As some see it, an impasse has been reached on the mind- body problem between mainstream physicalism and mainstream dualism. So lately another view has been gaining popularity, a view that might be called the 'Russellian theory of mind' (RTM) since it is inspired by some ideas once put forth by Bertrand Russell. Most versions of RTM are panpsychist, but there is at least one version that rejects panpsychism and styles itself as physicalism, and neutral monism is also a possibility. (...) In this paper I will attempt to sort out these different versions with a view to determining which, if any, have a chance of breaking the perceived impasse. The unsurprising conclusion will be that there are a lot of challenges ahead for the RTM theorist. The surprising conclusion will be that it's not clear that pan- psychist RTM holds an advantage over the other versions in this regard. (shrink)
This book offers an interpretation of the work of Theodor Adorno. In contrast to the conventional view that Adorno's is in essence a critical philosophy, Yvonne Sherratt traces systematically a utopian thesis that pervades all the major aspects of Adorno's thought. She places Adorno's work in the context of German Idealist and later Marxist and Freudian traditions, and then analyses his key works to show how the aesthetic, epistemological, psychological, historical and sociological thought interconnect to form a utopian image. (...) The book will be eagerly sought out by students and specialists in philosophy, social and political theory, intellectual history, literary theory and cultural studies. (shrink)
A popular defense of physicalist theories of consciousness against anti-physicalist arguments invokes the existence of ‘phenomenal concepts’. These are concepts that designate conscious experiences from a first person perspective, and hence differ from physicalistic concepts; but not in a way that precludes co-referentiality with them. On one version of this strategy phenomenal concepts are seen as (1) type demonstratives that have (2) no mode of presentation. However, 2 is possible without 1-call this the ‘bare recognitional concept’ view-and I will argue (...) that this avoids certain recent criticisms while retaining the virtue of finessing the ‘mode of presentation’ problem for phenomenal concepts. But construing phenomenal concepts this way seems to not do justice to the phenomenology of conscious experience. In this paper I examine whether or not this impression can be borne out by a good argument. As it turns out, it is harder to do so than one might think. It can be done, but it involves somewhat more convoluted reasoning than one might have supposed necessary. Having shown that, I will end with a few brief remarks on what my argument means for attempts to preserve a physicalist account of consciousness. (shrink)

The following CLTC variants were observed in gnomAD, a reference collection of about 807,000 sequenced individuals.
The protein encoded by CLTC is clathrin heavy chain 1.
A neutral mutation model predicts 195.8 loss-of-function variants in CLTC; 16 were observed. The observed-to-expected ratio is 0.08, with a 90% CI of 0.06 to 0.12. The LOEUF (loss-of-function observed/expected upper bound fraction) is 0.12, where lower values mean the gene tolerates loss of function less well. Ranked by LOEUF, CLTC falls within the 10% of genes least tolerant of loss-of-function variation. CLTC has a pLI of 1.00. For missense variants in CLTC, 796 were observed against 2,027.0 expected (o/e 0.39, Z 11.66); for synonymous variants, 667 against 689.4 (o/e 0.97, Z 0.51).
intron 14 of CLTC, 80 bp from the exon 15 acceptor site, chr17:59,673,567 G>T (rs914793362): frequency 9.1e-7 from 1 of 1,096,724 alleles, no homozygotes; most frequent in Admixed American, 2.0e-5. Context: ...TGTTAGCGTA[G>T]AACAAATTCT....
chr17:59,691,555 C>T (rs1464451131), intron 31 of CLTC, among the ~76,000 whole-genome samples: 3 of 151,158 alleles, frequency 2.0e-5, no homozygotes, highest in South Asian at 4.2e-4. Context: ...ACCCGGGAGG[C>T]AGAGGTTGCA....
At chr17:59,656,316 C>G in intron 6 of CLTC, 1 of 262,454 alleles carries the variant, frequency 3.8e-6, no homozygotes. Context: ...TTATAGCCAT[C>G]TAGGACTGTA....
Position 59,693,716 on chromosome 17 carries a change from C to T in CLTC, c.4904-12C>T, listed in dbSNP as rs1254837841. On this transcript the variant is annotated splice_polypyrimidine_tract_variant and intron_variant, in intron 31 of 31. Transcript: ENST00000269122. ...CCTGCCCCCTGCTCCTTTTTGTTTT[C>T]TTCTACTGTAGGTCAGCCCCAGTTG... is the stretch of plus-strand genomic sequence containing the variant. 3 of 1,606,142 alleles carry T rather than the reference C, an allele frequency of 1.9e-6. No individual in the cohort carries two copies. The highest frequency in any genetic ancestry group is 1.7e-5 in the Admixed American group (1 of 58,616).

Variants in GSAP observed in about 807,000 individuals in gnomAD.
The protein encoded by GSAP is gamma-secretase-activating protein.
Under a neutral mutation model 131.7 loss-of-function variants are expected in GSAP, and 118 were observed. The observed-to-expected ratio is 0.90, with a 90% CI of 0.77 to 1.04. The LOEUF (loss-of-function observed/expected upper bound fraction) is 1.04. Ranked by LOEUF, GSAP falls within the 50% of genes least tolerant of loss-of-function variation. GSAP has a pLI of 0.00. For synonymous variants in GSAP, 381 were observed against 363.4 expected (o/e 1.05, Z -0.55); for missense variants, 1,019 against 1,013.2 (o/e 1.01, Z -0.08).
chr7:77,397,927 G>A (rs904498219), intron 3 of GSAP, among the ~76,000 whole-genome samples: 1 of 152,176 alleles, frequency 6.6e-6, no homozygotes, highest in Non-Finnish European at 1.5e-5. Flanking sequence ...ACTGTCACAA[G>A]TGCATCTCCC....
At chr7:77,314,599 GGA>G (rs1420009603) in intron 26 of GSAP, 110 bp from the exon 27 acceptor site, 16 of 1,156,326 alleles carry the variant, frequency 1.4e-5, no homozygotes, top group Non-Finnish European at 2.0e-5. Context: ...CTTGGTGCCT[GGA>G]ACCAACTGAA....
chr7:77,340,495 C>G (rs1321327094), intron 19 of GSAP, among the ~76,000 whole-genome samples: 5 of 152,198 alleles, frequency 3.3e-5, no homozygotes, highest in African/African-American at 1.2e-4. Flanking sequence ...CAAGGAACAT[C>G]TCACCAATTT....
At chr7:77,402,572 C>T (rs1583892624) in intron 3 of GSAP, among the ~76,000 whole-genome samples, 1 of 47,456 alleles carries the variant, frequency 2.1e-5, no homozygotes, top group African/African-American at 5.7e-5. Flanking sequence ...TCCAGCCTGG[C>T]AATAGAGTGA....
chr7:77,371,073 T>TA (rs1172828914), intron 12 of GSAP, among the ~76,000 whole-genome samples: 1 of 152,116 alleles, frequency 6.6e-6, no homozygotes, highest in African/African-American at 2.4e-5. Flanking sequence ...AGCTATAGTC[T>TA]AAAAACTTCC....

This study investigates whether and to what extent publicly listed corporations voluntarily comply with and disclose recommended good corporate governance practices, and distinctively examines whether the observed cross-sectional differences in such CG disclosures can be explained by ownership and board mechanisms with specific focus on Saudi Arabia. The study’s results suggest that corporations with larger boards, a Big 4 auditor, higher government ownership, a CG committee, and higher institutional ownership disclose considerably more than those that are not. By contrast, the (...) study finds that an increase in block ownership significantly reduces CG disclosure. The study’s results are generally robust to a number of econometric models that control for different types of disclosure indices, firm-specific characteristics, and firm-level fixed effects. The study’s results have important implications for policy makers, practitioners, and regulatory authorities, especially those in developing countries across the globe. (shrink)